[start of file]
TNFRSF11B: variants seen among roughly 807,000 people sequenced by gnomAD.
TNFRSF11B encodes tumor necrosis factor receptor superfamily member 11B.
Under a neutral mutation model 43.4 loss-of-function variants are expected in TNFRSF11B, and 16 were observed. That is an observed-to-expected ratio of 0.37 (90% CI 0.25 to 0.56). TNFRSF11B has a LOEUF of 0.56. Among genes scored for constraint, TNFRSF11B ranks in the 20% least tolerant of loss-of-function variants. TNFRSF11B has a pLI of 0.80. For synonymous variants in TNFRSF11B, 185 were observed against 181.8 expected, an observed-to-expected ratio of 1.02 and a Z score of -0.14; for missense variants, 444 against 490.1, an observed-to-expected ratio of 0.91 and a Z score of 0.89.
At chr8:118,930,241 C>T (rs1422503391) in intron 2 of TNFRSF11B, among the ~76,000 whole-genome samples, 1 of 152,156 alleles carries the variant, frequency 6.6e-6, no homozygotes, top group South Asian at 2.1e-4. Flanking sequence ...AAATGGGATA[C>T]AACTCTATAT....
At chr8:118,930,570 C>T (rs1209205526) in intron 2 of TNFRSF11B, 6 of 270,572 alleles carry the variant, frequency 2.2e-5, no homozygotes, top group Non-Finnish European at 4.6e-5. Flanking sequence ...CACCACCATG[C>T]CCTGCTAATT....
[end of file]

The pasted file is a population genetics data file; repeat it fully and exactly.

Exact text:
TNFRSF11B: variants seen among roughly 807,000 people sequenced by gnomAD.
TNFRSF11B encodes tumor necrosis factor receptor superfamily member 11B.
Under a neutral mutation model 43.4 loss-of-function variants are expected in TNFRSF11B, and 16 were observed. That is an observed-to-expected ratio of 0.37 (90% CI 0.25 to 0.56). TNFRSF11B has a LOEUF of 0.56. Among genes scored for constraint, TNFRSF11B ranks in the 20% least tolerant of loss-of-function variants. TNFRSF11B has a pLI of 0.80. For synonymous variants in TNFRSF11B, 185 were observed against 181.8 expected, an observed-to-expected ratio of 1.02 and a Z score of -0.14; for missense variants, 444 against 490.1, an observed-to-expected ratio of 0.91 and a Z score of 0.89.
At chr8:118,930,241 C>T (rs1422503391) in intron 2 of TNFRSF11B, among the ~76,000 whole-genome samples, 1 of 152,156 alleles carries the variant, frequency 6.6e-6, no homozygotes, top group South Asian at 2.1e-4. Flanking sequence ...AAATGGGATA[C>T]AACTCTATAT....
At chr8:118,930,570 C>T (rs1209205526) in intron 2 of TNFRSF11B, 6 of 270,572 alleles carry the variant, frequency 2.2e-5, no homozygotes, top group Non-Finnish European at 4.6e-5. Flanking sequence ...CACCACCATG[C>T]CCTGCTAATT....